The father of an aid worker kidnapped with her colleague by Syrian Islamists said the pair "wanted only good" and had travelled to the country to help civilians caught up in the brutal civil war.
Greta Ramelli, 20, and Vanessa Marzullo, 21, were working on humanitarian projects in Aleppo, said the Italian foreign ministry.
Jordanian newspaper Assabeel reports that investigators believe the kidnappers are from an Islamist group that has previously kidnapped Western activists and journalists.
According to activists quoted in the report, the women were kidnapped on 1 August and taken to the town of El Ismo, west of Aleppo, from where they were taken to the home of the head of the local Revolutionary Council.
Miss Marzullo's father today told Italian newspaper Corriere Della Sera that he had pleaded with his daughter not to travel to Syria, but she had not listened.
"What could I do? Vanessa is an adult, a golden girl, brave and responsible. I tried to reason with her; I tried to convince her in every way I could not to do what she had in mind.
"But when you realize that all your talk, your thoughts and eventually all your prayers are not heard, what can you do?" he said.
"I could not stop her from doing what she wanted. It's not like you can take a person and tie them down. Tell me what I had to do. Was I wrong? I had to tie her down?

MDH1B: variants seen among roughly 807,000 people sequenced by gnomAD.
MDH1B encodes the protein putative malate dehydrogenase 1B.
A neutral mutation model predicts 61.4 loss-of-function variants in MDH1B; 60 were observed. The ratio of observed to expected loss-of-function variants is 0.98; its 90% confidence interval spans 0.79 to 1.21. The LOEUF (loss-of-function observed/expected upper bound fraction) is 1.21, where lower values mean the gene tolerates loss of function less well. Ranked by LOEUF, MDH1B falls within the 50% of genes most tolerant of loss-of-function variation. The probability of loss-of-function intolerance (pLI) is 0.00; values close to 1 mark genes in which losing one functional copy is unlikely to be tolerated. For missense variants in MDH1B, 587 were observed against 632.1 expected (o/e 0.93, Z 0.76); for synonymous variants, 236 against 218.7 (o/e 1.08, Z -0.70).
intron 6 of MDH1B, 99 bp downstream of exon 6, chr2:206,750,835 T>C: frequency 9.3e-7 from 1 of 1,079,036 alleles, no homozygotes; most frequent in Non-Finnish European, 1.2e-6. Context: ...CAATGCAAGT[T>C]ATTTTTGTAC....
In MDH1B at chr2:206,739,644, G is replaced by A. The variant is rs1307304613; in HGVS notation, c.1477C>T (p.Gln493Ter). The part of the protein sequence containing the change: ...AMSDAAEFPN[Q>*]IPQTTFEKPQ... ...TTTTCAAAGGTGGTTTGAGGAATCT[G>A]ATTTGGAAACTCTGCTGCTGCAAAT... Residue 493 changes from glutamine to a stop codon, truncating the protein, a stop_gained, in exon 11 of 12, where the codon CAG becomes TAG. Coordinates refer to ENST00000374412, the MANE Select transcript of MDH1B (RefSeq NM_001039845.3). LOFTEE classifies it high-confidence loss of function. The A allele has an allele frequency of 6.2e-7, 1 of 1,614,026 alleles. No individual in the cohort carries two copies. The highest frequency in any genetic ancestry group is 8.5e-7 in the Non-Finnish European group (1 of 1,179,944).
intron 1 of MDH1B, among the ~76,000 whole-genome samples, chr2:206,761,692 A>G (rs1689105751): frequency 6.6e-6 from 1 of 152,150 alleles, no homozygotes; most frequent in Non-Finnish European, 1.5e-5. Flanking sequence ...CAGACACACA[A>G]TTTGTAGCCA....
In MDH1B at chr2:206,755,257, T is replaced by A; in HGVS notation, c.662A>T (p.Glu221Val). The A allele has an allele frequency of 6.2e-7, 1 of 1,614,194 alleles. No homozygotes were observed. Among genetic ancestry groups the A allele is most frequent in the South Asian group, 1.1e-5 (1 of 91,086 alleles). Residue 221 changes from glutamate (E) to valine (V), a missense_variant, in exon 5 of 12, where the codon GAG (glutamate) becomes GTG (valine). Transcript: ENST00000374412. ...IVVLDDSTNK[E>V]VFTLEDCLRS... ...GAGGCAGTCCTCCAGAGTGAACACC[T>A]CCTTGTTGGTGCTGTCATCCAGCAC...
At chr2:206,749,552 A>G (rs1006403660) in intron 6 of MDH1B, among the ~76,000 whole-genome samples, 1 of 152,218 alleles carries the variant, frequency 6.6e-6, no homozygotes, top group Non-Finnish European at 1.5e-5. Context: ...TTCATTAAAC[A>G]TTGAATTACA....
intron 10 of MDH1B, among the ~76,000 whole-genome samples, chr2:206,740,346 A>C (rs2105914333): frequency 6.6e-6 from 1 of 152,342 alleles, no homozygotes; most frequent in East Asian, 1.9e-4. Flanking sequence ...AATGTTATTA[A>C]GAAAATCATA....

"Those who made Vanessa and Greta prisoners should remember what they were there to do. They wanted good and it would be a tragedy if they were repaid with evil."
He said that his daughter had said: "It is not with weapons you win a war, it is won with great ideals and great gestures."
Her father said that she had long sympathised with the plight of ordinary Syrians, and while studying Linguistics and Cultural Mediation at Milan University, formed the resolution to travel to the country to help.
The two women have made numerous visits to Syria since 2012, they say on their Facebook pages.
They last made their way into the country through Turkey, where they crossed the border at the Atma refugee camp.
Miss Marzullo's latest Facebook post reads: "Red, red like that crib, and in the crib the battered little body of the girl of Aleppo whose legs were pulverised by an explosion.
"Red like the bloodstains encrusted on the walls and the floor - in the corner of the room where you have been tortured until you want to die, until you die in an unspeakably horrible way."
Italian officials are reported to be engaged in delicate negotiations to secure the release of the women.